Citation: Yoklavich M, Clarke ME, Laidig T, Fruh E, Krigsman L, Anderson J, Taylor J, Romsos C. (2016) A Characterization of Deep-Sea Coral and Sponge Communities in Areas of High Bycatch in Bottom Trawls off Northern California. NOAA Tech Memo NOAA-TM-NMFS-SWFSC-556.

At a glance: 

Using an autonomous underwater vehicle (AUV) and towed camera system (TCS), deep-sea corals, sponges, and seafloor habitats were visually surveyed for the first time in areas of longtime trawl fishing off northern California. During an 11-day cruise aboard the R/V Point Sur 8-18 September 2014, researchers completed 6 dives with the AUV and 9 deployments of the TCS, and spent over 42 hours underwater at depths of 586-1169 meters from the Oregon-California border to the Mendocino Ridge. 

With perfect sea conditions and fair skies in an area of the coast that is otherwise notorious for foul weather and high swells, the researchers recorded over 60,000 images of corals, sponges, fishes and other marine life with digital, paired still cameras during daytime operations. Nearly 48,000 corals from at least 23 taxa were observed, including black corals, bamboo corals, and gorgonians, some of which may be hundreds if not thousands of years old. Sponges occurred on most of the dives, with a total of 5,200 individuals represented by 13 taxa. Relatively few fishes (mostly thornyheads) and marine debris were observed. The ship's echosounder was used to map the seafloor and sub-bottom geologic features each night; water conductivity, temperature, dissolved oxygen, and depth were measured at each station. These data will help us characterize seafloor habitat types associated with the corals and sponges.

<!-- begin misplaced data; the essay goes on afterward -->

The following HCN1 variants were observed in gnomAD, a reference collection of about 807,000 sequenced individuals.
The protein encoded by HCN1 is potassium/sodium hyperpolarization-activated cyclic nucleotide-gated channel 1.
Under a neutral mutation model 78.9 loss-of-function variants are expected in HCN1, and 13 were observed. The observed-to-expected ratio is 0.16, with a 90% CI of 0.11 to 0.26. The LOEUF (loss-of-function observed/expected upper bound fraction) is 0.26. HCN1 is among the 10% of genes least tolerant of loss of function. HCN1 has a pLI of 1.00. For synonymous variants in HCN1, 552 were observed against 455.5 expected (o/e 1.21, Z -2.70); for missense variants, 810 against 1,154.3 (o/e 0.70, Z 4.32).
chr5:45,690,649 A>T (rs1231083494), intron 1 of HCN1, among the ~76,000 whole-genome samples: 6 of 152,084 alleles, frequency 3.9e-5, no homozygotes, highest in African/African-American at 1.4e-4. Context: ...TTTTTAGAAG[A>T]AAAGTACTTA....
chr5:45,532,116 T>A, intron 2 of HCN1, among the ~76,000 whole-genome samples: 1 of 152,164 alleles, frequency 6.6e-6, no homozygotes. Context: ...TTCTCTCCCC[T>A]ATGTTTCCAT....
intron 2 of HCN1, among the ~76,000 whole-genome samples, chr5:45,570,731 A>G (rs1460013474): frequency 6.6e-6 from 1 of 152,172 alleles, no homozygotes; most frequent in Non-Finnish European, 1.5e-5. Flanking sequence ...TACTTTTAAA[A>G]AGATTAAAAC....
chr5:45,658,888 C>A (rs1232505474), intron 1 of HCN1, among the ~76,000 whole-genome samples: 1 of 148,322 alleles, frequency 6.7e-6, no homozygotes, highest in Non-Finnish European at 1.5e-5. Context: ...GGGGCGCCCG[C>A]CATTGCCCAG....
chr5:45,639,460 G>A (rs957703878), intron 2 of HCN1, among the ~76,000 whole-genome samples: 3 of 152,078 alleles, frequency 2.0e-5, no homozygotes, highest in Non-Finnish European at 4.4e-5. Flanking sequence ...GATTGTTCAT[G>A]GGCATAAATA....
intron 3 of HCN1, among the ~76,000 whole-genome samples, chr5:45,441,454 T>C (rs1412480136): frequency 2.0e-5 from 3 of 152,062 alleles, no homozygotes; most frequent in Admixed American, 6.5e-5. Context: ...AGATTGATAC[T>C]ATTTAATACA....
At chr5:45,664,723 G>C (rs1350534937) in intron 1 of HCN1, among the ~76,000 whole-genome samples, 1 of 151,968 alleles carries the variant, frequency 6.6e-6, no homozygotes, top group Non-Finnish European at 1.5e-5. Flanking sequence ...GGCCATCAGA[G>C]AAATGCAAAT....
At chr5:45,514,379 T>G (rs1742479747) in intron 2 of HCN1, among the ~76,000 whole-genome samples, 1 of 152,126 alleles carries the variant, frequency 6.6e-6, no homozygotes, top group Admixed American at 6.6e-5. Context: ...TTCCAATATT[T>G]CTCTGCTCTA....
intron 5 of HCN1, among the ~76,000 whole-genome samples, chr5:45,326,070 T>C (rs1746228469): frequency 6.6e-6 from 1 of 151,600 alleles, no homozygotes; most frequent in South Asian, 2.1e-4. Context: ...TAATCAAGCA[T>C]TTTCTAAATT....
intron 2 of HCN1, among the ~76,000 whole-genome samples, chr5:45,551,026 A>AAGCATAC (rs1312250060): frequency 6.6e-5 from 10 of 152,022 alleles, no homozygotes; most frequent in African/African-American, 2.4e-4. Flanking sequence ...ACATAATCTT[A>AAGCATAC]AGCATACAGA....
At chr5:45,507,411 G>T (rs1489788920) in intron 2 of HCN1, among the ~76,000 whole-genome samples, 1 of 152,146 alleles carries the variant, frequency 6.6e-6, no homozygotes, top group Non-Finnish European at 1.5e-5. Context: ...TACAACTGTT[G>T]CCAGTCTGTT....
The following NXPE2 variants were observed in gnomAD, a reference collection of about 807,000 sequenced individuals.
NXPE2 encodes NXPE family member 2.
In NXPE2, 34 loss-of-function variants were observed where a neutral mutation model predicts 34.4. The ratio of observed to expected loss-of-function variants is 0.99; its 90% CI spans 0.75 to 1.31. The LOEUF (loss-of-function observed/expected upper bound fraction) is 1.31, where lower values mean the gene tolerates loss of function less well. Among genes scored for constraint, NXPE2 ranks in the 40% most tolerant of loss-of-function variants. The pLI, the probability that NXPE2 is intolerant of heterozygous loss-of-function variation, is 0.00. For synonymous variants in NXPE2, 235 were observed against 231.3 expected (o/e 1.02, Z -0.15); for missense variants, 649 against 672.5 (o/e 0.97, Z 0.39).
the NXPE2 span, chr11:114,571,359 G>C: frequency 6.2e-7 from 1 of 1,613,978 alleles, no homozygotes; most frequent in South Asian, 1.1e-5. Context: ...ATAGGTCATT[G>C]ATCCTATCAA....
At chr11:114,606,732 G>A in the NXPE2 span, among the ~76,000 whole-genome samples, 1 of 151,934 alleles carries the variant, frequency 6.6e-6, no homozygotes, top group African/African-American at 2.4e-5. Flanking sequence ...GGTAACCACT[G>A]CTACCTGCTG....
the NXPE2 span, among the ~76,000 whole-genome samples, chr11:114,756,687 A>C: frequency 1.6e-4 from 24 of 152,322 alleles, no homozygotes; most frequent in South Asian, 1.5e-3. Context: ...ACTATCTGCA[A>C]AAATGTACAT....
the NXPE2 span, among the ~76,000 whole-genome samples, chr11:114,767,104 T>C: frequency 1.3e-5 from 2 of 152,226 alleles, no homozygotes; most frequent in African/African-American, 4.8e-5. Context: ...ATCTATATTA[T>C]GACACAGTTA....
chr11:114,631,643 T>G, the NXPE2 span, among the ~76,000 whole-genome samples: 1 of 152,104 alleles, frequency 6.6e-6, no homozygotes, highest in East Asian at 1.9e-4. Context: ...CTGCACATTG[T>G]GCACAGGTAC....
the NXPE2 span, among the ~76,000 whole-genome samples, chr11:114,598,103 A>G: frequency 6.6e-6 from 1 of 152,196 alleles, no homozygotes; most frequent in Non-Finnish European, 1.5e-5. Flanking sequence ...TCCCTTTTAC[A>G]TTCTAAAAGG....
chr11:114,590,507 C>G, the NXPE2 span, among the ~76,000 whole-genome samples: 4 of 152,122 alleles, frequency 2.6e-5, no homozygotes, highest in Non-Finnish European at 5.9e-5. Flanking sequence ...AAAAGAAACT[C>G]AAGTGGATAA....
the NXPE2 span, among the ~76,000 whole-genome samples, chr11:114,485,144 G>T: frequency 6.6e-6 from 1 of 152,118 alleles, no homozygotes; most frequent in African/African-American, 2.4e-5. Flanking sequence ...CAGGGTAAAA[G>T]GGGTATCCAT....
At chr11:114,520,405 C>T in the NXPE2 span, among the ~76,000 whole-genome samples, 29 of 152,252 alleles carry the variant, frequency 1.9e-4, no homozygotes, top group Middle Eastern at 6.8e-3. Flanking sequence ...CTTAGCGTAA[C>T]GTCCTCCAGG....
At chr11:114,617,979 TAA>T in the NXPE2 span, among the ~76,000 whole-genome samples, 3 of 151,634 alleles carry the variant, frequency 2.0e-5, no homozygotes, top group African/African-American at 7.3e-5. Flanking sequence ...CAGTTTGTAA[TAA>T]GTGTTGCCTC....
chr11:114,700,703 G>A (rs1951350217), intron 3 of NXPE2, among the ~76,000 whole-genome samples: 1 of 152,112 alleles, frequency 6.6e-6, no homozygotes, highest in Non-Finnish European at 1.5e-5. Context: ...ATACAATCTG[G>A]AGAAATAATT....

Fishermen have long known that corals occur in this area off northern California, having retrieved parts of corals in their fishing nets along with the harvested fishes. Areas of relatively high numbers of corals also have been recorded in NMFS West Coast groundfish bottom trawl surveys. From the exploration of these sites with cameras, we have begun to determine the extent of these coral colonies for the first time. The highlight of the cruise was discovering forests of corals on rocky ridges adjacent to the trawl grounds. These areas of rough terrain likely have received less fishing pressure in recent years, with the elimination of large roller gear on the trawl nets. Further analyses of the images and resultant data from this cruise, as well as continuing these surveys, will improve our knowledge about deep-sea corals off northern California, increase our understanding of the influence of fishing on coral communities, and will inform decisions to protect and conserve these sensitive habitats.

  • Technical Report
Type: DSCRTP Supported Date: 2016

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  • Pacific Council
  •  None Defined.